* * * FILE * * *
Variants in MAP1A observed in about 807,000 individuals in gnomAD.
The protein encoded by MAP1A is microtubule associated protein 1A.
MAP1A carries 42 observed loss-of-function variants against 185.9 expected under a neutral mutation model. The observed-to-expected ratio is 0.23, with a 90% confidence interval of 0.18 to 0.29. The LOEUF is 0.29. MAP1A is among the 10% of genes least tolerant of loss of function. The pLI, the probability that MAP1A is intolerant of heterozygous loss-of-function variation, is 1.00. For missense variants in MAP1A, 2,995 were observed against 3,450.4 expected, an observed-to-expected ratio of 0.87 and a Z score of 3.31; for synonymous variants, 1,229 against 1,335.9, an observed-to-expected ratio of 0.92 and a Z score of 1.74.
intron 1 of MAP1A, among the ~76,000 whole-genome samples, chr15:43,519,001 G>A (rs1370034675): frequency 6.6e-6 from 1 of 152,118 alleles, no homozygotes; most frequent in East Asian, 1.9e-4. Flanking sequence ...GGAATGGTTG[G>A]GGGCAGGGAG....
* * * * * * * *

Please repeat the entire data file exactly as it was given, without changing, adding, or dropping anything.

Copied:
Variants in MAP1A observed in about 807,000 individuals in gnomAD.
The protein encoded by MAP1A is microtubule associated protein 1A.
MAP1A carries 42 observed loss-of-function variants against 185.9 expected under a neutral mutation model. The observed-to-expected ratio is 0.23, with a 90% confidence interval of 0.18 to 0.29. The LOEUF is 0.29. MAP1A is among the 10% of genes least tolerant of loss of function. The pLI, the probability that MAP1A is intolerant of heterozygous loss-of-function variation, is 1.00. For missense variants in MAP1A, 2,995 were observed against 3,450.4 expected, an observed-to-expected ratio of 0.87 and a Z score of 3.31; for synonymous variants, 1,229 against 1,335.9, an observed-to-expected ratio of 0.92 and a Z score of 1.74.
intron 1 of MAP1A, among the ~76,000 whole-genome samples, chr15:43,519,001 G>A (rs1370034675): frequency 6.6e-6 from 1 of 152,118 alleles, no homozygotes; most frequent in East Asian, 1.9e-4. Flanking sequence ...GGAATGGTTG[G>A]GGGCAGGGAG....